Golf: Carnoustie is up to scratch
Wednesday 12 May 1999
Like the hotel, it belongs to Michael Johnston, a local property developer. Johnston first arrived 18 months ago when the project to get a suitable hotel ready in time for this July's 128th Open Championship was the last cog in a chain that will see the game's oldest and grandest event return to the fabled Carnoustie links for the first time in 24 years.
The hotel was designed by the former Scottish rugby international David Leslie and is positioned right behind the first tee and the 18th green. If opinions differ on its architectural merits, there is no disputing the improvement on the building it replaced, a concrete monstrosity of a club-house that was a disservice to public conveniences throughout the land.
Nothing could provide a better illustration of how important money has become in golf, something Sir Michael Bonallack, the retiring secretary of the Royal and Ancient, is concerned will go too far.
"We have got some way to go yet but the game is in danger of burning itself out with the escalation of high prizes," he said. "Other sports, like tennis, have gone the same way and it has not done them any good. With the players earning more and more, they will play less and less, but the sponsors will only provide the big purses if all the top players are playing."
This year's Open champion will receive pounds 320,000, less than half the $1m on offer to the winners of the three World Championship events. But Bonallack is not concerned about the majors losing their place in the game.
"They will always have a place," he said. "Money is not the reason the players want to play in a major. When I first became secretary in 1983, we had to go out and ask players if they were coming to the Open. Now they come to us."
Among those who have already posted their entries is the 1968 winner at Carnoustie, Gary Player, former champions Nick Faldo, Tony Jacklin, Sandy Lyle and Seve Ballesteros, plus Lee Westwood, Tiger Woods and Justin Rose, who finished fourth as an amateur last year.
Bonallack was also an amateur in 1968 when he was two strokes off the lead with nine holes to play but came home in 45. "It was a nightmare," he said.
"The last nine holes are as testing as anywhere in the world. The transformation here in the last 20 years is unbelievable. The Open had moved on after 1975 and Carnoustie did not meet the standards required but now it exceeds them. You have one of the world's premier courses with all the facilities you would expect."
Tom Watson, the winner in the last Carnoustie Open in 1975, has been made an honorary member of the Royal and Ancient. The five-times champion joins a list of 11 others, which includes Peter Thomson, who also won five titles, Jack Nicklaus, Arnold Palmer, Gene Sarazen, the Dukes of Edinburgh, York and Kent, as well as the former US President George Bush.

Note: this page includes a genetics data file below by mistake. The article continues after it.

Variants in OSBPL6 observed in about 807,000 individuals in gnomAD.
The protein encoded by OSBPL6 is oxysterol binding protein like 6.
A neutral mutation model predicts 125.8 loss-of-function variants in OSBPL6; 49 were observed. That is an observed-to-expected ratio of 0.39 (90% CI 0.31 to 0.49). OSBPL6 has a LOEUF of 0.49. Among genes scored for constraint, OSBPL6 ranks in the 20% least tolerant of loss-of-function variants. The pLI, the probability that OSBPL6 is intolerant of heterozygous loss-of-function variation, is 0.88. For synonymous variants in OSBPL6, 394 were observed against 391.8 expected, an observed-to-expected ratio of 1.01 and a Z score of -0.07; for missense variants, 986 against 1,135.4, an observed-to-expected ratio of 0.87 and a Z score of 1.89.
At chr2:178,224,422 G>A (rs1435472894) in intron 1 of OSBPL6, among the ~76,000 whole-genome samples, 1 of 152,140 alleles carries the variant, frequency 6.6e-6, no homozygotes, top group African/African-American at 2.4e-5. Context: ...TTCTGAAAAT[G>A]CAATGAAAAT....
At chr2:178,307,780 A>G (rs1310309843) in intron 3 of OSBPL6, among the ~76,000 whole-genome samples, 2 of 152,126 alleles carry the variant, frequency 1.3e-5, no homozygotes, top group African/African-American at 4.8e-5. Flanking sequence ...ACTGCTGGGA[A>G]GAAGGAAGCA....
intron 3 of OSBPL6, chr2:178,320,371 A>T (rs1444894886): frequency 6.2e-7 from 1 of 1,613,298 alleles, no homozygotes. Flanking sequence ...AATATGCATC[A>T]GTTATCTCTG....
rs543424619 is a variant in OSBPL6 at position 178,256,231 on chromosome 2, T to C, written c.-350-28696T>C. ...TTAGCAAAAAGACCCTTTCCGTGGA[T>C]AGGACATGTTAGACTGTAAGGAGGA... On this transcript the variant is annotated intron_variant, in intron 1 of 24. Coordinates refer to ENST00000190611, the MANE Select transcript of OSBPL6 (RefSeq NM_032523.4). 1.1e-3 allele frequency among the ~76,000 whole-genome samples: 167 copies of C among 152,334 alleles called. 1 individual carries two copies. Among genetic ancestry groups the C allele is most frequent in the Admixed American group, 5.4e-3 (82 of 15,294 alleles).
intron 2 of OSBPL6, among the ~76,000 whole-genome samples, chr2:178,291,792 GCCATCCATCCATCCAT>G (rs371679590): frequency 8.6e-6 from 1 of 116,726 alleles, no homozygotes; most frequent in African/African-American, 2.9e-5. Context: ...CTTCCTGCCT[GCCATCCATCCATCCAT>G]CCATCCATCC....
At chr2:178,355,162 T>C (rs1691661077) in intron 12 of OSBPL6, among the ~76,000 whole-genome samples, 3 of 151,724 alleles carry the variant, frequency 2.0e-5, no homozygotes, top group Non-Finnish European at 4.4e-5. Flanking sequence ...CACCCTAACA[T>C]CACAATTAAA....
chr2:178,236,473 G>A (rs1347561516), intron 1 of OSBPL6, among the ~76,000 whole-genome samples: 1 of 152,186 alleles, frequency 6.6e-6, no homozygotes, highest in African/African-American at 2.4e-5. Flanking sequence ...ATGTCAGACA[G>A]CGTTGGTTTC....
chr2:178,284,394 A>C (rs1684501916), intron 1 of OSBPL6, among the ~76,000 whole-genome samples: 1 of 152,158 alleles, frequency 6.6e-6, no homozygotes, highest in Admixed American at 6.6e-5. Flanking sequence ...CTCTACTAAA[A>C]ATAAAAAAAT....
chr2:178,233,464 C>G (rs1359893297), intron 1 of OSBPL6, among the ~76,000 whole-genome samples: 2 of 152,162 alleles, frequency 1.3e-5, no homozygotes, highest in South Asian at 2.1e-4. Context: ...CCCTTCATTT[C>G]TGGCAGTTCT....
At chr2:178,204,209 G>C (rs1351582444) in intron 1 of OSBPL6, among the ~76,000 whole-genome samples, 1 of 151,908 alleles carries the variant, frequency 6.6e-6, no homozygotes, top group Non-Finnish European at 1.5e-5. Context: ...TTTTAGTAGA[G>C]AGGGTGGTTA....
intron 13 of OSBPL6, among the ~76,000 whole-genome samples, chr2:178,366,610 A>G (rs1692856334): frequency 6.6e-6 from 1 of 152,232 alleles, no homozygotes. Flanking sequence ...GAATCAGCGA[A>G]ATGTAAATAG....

Latest in Sport
Andy Murray tells how coach Amélie Mauresmo revealed her pregnancy
Floyd Mayweather vs Manny Pacquiao: The biggest fight of all time, or maybe just the most lucrative?
What time does Floyd Mayweather vs Manny Pacquiao start?
Everton 3 Manchester United 0 player ratings: Who scored lower - Marouane Fellaini or Radamel Falcao?
Floyd Mayweather vs Manny Pacquiao: What time does it start and where can I watch it?
- 1 Migrant crisis: Greek soldier saved 20 people singlehandedly off Rhodes beach
- 2 Sofyen Belamouadden murder: The inside story of a crime that horrified Britain
- 3 Company breaks open Apple Watch to discover what it says is 'planned obsolescence'
- 5 UK weather: Britain braced for snow as arctic air mass moves in
General Election 2015: Chuka Umunna on the benefits of immigration, humility – and his leader Ed Miliband
The sickening truth about food banks that the Tories don't want you to know
Migrant boat disaster: Ukip candidate mocks victims in sickening Twitter post
Nigel Farage wants the BBC to stop making programmes like Doctor Who, Strictly Come Dancing, and Top Gear
Global warming: Scientists say temperatures could rise by 6C by 2100 and call for action ahead of UN meeting in Paris
General Election 2015: Britain would become a 'communist dictatorship' under Ed Miliband and Nicola Sturgeon, claims wife of Michael Gove
£25000 - £35000 per annum: Recruitment Genius: This Bridgend based software de...
£21000 - £22000 per annum: Recruitment Genius: A specialist retail and brand c...
£25000 - £35000 per annum: Recruitment Genius: This digital production agency ...
£26000 per annum: Recruitment Genius: Haulage company based on the Thorpe Indu...